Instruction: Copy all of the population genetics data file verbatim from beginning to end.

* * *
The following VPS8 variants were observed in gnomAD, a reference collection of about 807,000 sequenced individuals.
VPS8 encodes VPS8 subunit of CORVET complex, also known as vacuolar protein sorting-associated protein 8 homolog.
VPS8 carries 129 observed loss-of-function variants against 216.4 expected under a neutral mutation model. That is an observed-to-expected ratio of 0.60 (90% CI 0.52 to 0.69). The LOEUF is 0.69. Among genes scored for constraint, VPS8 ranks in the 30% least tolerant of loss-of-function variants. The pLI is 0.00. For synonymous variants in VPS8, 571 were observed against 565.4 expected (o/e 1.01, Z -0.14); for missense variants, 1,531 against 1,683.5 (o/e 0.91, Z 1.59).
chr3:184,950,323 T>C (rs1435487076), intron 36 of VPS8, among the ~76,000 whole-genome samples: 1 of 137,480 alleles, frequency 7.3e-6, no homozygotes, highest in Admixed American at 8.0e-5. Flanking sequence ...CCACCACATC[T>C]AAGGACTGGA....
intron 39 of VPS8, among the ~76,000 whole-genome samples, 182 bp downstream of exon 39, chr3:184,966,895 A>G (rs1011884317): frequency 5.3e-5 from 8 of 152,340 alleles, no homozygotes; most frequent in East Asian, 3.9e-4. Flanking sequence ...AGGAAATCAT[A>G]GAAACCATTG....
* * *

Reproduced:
The following VPS8 variants were observed in gnomAD, a reference collection of about 807,000 sequenced individuals.
VPS8 encodes VPS8 subunit of CORVET complex, also known as vacuolar protein sorting-associated protein 8 homolog.
VPS8 carries 129 observed loss-of-function variants against 216.4 expected under a neutral mutation model. That is an observed-to-expected ratio of 0.60 (90% CI 0.52 to 0.69). The LOEUF is 0.69. Among genes scored for constraint, VPS8 ranks in the 30% least tolerant of loss-of-function variants. The pLI is 0.00. For synonymous variants in VPS8, 571 were observed against 565.4 expected (o/e 1.01, Z -0.14); for missense variants, 1,531 against 1,683.5 (o/e 0.91, Z 1.59).
chr3:184,950,323 T>C (rs1435487076), intron 36 of VPS8, among the ~76,000 whole-genome samples: 1 of 137,480 alleles, frequency 7.3e-6, no homozygotes, highest in Admixed American at 8.0e-5. Flanking sequence ...CCACCACATC[T>C]AAGGACTGGA....
intron 39 of VPS8, among the ~76,000 whole-genome samples, 182 bp downstream of exon 39, chr3:184,966,895 A>G (rs1011884317): frequency 5.3e-5 from 8 of 152,340 alleles, no homozygotes; most frequent in East Asian, 3.9e-4. Flanking sequence ...AGGAAATCAT[A>G]GAAACCATTG....